With Cirovski as Coach, Maryland Soccer Reaches New Heights
Friday, December 12, 2008
Before Sasho Cirovski was hired to coach the Maryland men's soccer team in 1993, home games were played in the middle of the day and the few dozen spectators watched from a small set of bleachers and embankments. The scoreboard told you the goal total, the time and little else.
The field was not suited for the cooling autumn weather and turned brown -- a drab hint that another second-rate season was drawing to a close.
In a 23-year span before Cirovski's arrival, the Terrapins went to the NCAA tournament five times, never winning a game. Top local prospects from one of the richest youth soccer areas in the country committed to Virginia and other fully funded programs.
"I remember coming to games as a teenager, and there wasn't any home-field atmosphere," said Howard County native Russell Payne, a goalkeeper in Cirovski's first four years and now a Maryland assistant coach. "I'd go to see the games against Virginia and Howard, and I was like, 'Everyone is rooting for the other team.' People didn't think much of Maryland. Things have changed."
In so many ways.
The Terrapins' semifinal tonight against St. John's in suburban Dallas marks their fifth appearance in seven years in the College Cup, as the NCAA semifinals and final are known. They boast the nation's longest winning streak (14), the most victories (21) in any of the program's 63 seasons, the best home attendance mark in the Atlantic Coast Conference and a roster with several pro prospects.
"I had hoped that we would reach this level, but once you get there, you recognize how special it is because of how hard it is to maintain that level of excellence," said Cirovski, 46, who has a 234-102-20 record and 14 NCAA tournament appearances in 16 seasons.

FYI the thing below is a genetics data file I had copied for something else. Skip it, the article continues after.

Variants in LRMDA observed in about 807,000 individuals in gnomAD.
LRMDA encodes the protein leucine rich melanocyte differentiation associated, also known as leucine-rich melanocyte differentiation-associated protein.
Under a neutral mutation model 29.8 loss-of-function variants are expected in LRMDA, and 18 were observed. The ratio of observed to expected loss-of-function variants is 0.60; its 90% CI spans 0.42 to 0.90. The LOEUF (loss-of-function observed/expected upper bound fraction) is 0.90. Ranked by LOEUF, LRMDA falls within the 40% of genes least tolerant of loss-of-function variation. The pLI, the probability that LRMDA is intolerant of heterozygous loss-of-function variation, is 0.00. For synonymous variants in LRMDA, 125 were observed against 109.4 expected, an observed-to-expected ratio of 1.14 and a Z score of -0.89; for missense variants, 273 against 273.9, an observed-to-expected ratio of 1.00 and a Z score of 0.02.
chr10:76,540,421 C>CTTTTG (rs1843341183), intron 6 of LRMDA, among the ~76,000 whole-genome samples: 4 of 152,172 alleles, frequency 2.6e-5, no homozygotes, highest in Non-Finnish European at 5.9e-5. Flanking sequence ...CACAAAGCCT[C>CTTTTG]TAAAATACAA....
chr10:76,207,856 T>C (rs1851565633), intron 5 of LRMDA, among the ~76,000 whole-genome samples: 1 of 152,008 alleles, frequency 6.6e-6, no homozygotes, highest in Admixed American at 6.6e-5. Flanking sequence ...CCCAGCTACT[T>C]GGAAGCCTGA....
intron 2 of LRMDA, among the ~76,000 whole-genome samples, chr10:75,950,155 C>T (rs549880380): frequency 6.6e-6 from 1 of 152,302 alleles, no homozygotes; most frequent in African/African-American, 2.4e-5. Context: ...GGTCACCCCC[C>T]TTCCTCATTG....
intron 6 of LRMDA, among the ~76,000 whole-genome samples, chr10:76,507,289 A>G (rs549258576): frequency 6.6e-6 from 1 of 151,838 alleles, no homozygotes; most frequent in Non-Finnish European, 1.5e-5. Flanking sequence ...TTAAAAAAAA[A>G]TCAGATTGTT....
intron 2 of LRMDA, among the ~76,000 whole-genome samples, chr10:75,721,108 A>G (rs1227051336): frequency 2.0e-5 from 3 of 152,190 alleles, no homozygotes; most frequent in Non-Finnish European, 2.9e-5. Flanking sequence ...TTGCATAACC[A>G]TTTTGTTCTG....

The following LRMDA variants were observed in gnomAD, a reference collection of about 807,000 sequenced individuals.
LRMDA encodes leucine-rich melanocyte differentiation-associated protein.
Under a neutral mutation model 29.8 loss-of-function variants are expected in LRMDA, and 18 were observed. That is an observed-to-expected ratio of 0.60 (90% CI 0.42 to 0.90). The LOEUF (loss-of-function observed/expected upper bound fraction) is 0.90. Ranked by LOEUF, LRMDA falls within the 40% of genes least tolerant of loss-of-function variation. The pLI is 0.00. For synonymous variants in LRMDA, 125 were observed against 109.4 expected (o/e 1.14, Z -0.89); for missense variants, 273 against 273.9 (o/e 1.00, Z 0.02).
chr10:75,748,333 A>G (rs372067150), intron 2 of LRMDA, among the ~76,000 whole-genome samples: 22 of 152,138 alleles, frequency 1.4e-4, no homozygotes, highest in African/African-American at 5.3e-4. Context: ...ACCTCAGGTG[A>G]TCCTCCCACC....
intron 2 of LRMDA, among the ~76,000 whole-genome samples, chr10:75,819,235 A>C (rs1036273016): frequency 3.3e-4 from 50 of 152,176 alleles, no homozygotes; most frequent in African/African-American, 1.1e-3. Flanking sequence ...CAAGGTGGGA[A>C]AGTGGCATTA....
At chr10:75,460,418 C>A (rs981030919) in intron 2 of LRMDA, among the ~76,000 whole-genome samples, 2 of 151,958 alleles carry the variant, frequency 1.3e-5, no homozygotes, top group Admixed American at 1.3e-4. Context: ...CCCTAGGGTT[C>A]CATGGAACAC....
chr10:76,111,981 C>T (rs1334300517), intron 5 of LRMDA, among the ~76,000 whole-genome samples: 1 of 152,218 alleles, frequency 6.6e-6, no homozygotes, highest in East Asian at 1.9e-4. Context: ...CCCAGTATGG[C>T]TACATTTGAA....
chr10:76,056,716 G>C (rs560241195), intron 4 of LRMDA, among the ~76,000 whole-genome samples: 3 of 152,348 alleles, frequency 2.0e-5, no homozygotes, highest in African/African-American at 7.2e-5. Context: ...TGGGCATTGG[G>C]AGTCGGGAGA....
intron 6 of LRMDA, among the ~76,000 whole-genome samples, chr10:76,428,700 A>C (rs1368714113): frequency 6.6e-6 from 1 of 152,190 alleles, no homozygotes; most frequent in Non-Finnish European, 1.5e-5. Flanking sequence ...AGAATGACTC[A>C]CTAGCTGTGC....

Maryland's victory total this year is more than the combined wins in the three seasons before Cirovski's arrival (20).
"Sasho was the great hope for us," said Athletic Director Debbie Yow, who came to Maryland a year after Cirovski. "He sold Maryland well because he believed in the place."
In Cirovski's first season, however, the Terrapins had a 3-14-1 record, their worst in 13 years. By the next fall, with the maximum number of scholarships available and the arrival of local talent, they made the first of four consecutive trips to the second round of the NCAA tournament. The breakthrough came in 1998 with the team's first final four berth in 29 years. Maryland lost in the semifinals in 2002, '03 and '04 as well, but the next fall won its first national title since 1968.
During Cirovski's tenure, about 30 Terrapins have gone to the pros, including Glasgow Rangers midfielder Maurice Edu and MLS scoring ace Taylor Twellman. Many have left school early, but with an annual addition of high school all-Americans, Maryland has endured. "It's a source of pride because you win with juniors and seniors, and a lot of years we haven't had a lot of them," said Cirovski, who might lose juniors Omar Gonzalez and Jeremy Hall this offseason.
Boosting Maryland's attractiveness were improvements to multipurpose Ludwig Field: lights, a modern scoreboard, permanent seats on one side, raised student seating a few yards behind the endlines and signboards framing the field. One obstacle to additional seating was a pole vault pit used by the track and field team. Cirovski raised $46,000 to have it rebuilt in a nearby location.